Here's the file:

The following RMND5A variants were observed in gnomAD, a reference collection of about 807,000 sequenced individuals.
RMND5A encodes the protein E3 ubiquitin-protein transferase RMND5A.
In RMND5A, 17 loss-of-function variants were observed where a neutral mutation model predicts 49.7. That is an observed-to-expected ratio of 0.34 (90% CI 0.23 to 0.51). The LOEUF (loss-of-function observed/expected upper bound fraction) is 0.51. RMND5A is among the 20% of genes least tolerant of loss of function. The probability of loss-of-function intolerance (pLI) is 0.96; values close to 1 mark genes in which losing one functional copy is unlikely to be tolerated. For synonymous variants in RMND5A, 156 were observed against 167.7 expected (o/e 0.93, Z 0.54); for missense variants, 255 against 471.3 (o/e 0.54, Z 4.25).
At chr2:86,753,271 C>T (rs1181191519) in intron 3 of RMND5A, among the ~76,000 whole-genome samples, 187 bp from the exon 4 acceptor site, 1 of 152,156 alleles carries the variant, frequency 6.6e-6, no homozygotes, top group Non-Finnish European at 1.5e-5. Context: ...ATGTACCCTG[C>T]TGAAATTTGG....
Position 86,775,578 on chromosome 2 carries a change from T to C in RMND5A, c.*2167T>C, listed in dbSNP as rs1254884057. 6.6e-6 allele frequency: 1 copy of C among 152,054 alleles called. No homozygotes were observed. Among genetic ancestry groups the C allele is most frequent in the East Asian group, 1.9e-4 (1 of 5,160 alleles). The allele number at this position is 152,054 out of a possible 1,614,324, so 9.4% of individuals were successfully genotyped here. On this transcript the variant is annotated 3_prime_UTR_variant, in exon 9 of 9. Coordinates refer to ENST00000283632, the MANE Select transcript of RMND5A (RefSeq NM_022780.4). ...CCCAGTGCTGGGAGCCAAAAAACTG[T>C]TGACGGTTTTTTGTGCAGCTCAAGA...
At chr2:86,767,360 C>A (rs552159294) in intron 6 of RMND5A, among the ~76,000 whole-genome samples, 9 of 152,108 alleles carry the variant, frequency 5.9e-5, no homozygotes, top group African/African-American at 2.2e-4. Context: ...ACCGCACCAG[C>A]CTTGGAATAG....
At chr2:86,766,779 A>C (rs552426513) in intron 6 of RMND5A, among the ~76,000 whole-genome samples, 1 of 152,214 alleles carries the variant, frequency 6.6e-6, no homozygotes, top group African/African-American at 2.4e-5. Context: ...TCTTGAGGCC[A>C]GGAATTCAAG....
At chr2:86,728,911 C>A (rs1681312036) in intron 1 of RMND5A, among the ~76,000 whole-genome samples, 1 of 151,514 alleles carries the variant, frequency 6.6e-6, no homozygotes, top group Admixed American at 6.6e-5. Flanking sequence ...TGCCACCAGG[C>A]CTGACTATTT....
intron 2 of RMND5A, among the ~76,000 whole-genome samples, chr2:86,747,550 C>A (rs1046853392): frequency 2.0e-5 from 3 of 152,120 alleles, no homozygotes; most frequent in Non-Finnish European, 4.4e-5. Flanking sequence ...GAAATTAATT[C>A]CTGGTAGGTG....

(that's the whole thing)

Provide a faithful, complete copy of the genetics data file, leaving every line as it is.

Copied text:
The following RMND5A variants were observed in gnomAD, a reference collection of about 807,000 sequenced individuals.
RMND5A encodes the protein E3 ubiquitin-protein transferase RMND5A.
In RMND5A, 17 loss-of-function variants were observed where a neutral mutation model predicts 49.7. That is an observed-to-expected ratio of 0.34 (90% CI 0.23 to 0.51). The LOEUF (loss-of-function observed/expected upper bound fraction) is 0.51. RMND5A is among the 20% of genes least tolerant of loss of function. The probability of loss-of-function intolerance (pLI) is 0.96; values close to 1 mark genes in which losing one functional copy is unlikely to be tolerated. For synonymous variants in RMND5A, 156 were observed against 167.7 expected (o/e 0.93, Z 0.54); for missense variants, 255 against 471.3 (o/e 0.54, Z 4.25).
At chr2:86,753,271 C>T (rs1181191519) in intron 3 of RMND5A, among the ~76,000 whole-genome samples, 187 bp from the exon 4 acceptor site, 1 of 152,156 alleles carries the variant, frequency 6.6e-6, no homozygotes, top group Non-Finnish European at 1.5e-5. Context: ...ATGTACCCTG[C>T]TGAAATTTGG....
Position 86,775,578 on chromosome 2 carries a change from T to C in RMND5A, c.*2167T>C, listed in dbSNP as rs1254884057. 6.6e-6 allele frequency: 1 copy of C among 152,054 alleles called. No homozygotes were observed. Among genetic ancestry groups the C allele is most frequent in the East Asian group, 1.9e-4 (1 of 5,160 alleles). The allele number at this position is 152,054 out of a possible 1,614,324, so 9.4% of individuals were successfully genotyped here. On this transcript the variant is annotated 3_prime_UTR_variant, in exon 9 of 9. Coordinates refer to ENST00000283632, the MANE Select transcript of RMND5A (RefSeq NM_022780.4). ...CCCAGTGCTGGGAGCCAAAAAACTG[T>C]TGACGGTTTTTTGTGCAGCTCAAGA...
At chr2:86,767,360 C>A (rs552159294) in intron 6 of RMND5A, among the ~76,000 whole-genome samples, 9 of 152,108 alleles carry the variant, frequency 5.9e-5, no homozygotes, top group African/African-American at 2.2e-4. Context: ...ACCGCACCAG[C>A]CTTGGAATAG....
At chr2:86,766,779 A>C (rs552426513) in intron 6 of RMND5A, among the ~76,000 whole-genome samples, 1 of 152,214 alleles carries the variant, frequency 6.6e-6, no homozygotes, top group African/African-American at 2.4e-5. Context: ...TCTTGAGGCC[A>C]GGAATTCAAG....
At chr2:86,728,911 C>A (rs1681312036) in intron 1 of RMND5A, among the ~76,000 whole-genome samples, 1 of 151,514 alleles carries the variant, frequency 6.6e-6, no homozygotes, top group Admixed American at 6.6e-5. Flanking sequence ...TGCCACCAGG[C>A]CTGACTATTT....
intron 2 of RMND5A, among the ~76,000 whole-genome samples, chr2:86,747,550 C>A (rs1046853392): frequency 2.0e-5 from 3 of 152,120 alleles, no homozygotes; most frequent in Non-Finnish European, 4.4e-5. Flanking sequence ...GAAATTAATT[C>A]CTGGTAGGTG....